other transport protocols. In such cases, the API ought to expose other transport protocols. In such cases, the API ought to expose
the features in such a way that they take effect when a particular the features in such a way that they take effect when a particular
protocol is selected, but do not imply that only that protocol could protocol is selected, but do not imply that only that protocol could
be used. For example, if the API allows an application to specify a be used. For example, if the API allows an application to specify a
preference to use the User Timeout Option, communication would not preference to use the User Timeout Option, communication would not
fail when a protocol such as QUIC is selected. fail when a protocol such as QUIC is selected.
Other specialized features, however, can be strictly required by an Other specialized features, however, can also be strictly required by
application and thus constrain the set of protocols that can be used. an application and thus further constrain the set of protocols that
For example, if an application requires support for automatic can be used. For example, if an application requires support for
handover or failover for a connection, only protocol stacks that automatic handover or failover for a connection, only protocol stacks
provide this feature are eligible to be used, e.g., protocol stacks that provide this feature are eligible to be used, e.g., protocol
that include a multipath protocol or a protocol that supports stacks that include a multipath protocol or a protocol that supports
connection migration. A Transport Services API needs to allow connection migration. A Transport Services API needs to allow
applications to define such requirements and constrain the options applications to define such requirements and constrain the options
available to a Transport Services implementation. Since such options available to a Transport Services implementation. Since such options
are not part of the core/common features, it will generally be simple are not part of the core/common features, it will generally be simple
for an application to modify its set of constraints and change the for an application to modify its set of constraints and change the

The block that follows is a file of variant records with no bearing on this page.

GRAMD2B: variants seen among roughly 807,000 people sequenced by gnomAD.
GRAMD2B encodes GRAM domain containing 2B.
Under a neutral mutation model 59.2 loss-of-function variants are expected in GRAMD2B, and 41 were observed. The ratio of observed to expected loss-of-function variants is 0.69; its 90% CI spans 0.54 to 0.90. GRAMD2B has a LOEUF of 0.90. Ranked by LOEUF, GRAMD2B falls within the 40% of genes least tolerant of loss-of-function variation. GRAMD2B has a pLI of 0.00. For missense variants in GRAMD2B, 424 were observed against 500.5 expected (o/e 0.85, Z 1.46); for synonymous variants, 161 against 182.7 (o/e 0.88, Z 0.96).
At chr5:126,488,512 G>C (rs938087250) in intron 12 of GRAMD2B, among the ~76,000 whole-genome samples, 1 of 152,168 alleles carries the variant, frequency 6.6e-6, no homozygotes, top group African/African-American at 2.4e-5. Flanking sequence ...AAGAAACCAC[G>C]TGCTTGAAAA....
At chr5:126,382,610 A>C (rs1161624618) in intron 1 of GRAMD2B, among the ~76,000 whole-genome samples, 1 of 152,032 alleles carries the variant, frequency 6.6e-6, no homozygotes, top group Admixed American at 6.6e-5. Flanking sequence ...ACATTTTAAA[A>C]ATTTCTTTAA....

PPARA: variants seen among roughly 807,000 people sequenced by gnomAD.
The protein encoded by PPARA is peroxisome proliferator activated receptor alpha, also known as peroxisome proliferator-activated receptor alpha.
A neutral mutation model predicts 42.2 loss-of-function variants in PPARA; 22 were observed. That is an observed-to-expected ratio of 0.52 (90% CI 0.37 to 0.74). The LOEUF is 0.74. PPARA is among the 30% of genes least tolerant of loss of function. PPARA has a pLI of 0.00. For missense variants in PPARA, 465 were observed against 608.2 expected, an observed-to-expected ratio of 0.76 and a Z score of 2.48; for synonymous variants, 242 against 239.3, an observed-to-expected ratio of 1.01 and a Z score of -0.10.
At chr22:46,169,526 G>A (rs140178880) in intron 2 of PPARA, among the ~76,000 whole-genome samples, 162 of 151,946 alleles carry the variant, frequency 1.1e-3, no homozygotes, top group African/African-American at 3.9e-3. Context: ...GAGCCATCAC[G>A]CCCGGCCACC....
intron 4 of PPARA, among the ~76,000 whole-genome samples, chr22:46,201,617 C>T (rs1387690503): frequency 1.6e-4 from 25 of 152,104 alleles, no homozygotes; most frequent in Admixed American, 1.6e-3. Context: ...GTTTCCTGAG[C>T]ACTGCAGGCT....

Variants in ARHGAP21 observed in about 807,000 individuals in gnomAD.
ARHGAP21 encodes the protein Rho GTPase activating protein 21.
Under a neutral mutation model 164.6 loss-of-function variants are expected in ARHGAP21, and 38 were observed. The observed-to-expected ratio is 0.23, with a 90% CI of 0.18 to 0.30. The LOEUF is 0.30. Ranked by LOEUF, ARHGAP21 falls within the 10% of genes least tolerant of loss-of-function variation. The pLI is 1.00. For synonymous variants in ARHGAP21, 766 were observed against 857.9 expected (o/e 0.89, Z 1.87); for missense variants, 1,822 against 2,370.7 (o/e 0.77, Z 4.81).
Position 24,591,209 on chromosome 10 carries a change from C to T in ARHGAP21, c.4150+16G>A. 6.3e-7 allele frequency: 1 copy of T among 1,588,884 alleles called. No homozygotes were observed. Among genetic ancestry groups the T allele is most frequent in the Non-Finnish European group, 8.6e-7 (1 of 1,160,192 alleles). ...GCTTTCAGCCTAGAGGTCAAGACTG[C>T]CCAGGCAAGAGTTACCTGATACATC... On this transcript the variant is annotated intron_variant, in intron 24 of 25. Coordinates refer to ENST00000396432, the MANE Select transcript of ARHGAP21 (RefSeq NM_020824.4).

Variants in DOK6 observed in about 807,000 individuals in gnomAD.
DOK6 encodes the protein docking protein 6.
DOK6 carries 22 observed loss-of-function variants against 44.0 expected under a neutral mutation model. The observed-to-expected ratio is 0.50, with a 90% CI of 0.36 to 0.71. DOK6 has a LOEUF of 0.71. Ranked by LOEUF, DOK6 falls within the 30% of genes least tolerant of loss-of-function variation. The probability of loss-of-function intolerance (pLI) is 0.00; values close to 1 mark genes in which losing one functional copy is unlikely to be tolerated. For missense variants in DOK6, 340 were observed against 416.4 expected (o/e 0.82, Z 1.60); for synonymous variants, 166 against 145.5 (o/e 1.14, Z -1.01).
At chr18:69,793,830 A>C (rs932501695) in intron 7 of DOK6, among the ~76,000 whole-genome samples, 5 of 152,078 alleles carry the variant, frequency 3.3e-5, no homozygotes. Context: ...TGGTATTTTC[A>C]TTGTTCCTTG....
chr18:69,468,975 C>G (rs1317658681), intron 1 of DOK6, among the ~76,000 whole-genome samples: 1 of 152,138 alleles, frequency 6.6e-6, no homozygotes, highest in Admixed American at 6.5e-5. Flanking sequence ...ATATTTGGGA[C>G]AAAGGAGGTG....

set of allowable protocol features without changing the core set of allowable protocol features without changing the core
implementation. implementation.
3.3. Select Equivalent Protocol Stacks 3.3. Select Equivalent Protocol Stacks
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* Establishment (Section 4.1.4) focuses on the actions that an * Establishment (Section 4.1.4) focuses on the actions that an
application takes on the connection objects to prepare for data application takes on the connection objects to prepare for data
transfer. transfer.
* Data Transfer (Section 4.1.5) consists of how an application * Data Transfer (Section 4.1.5) consists of how an application
represents the data to be sent and received, the functions represents the data to be sent and received, the functions
required to send and receive that data, and how the application is required to send and receive that data, and how the application is
notified of the status of its data transfer. notified of the status of its data transfer.
* Event Handling (Section 4.1.6) defines categories of notifications * Event Handling (Section 4.1.6) defines categories of notifications
which an application can receive during the lifetime of transport that an application can receive during the lifetime of transport
objects. Events also provide opportunities for the application to objects. Events also provide opportunities for the application to
interact with the underlying transport by querying state or interact with the underlying transport by querying state or
updating maintenance options. updating maintenance options.
* Termination (Section 4.1.7) focuses on the methods by which data * Termination (Section 4.1.7) focuses on the methods by which data
transmission is stopped, and state is torn down in the transport. transmission is stopped, and state is torn down in the transport.
The diagram below provides a high-level view of the actions and The diagram below provides a high-level view of the actions and
events during the lifetime of a Connection object. Note that some events during the lifetime of a Connection object. Note that some
actions are alternatives (e.g., whether to initiate a connection or actions are alternatives (e.g., whether to initiate a connection or
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* Connection: A Connection object represents one or more active * Connection: A Connection object represents one or more active
transport protocol instances that can send and/or receive Messages transport protocol instances that can send and/or receive Messages
between Local and Remote Endpoints. It is an abstraction that between Local and Remote Endpoints. It is an abstraction that
represents the communication. The Connection object holds state represents the communication. The Connection object holds state
pertaining to the underlying transport protocol instances and any pertaining to the underlying transport protocol instances and any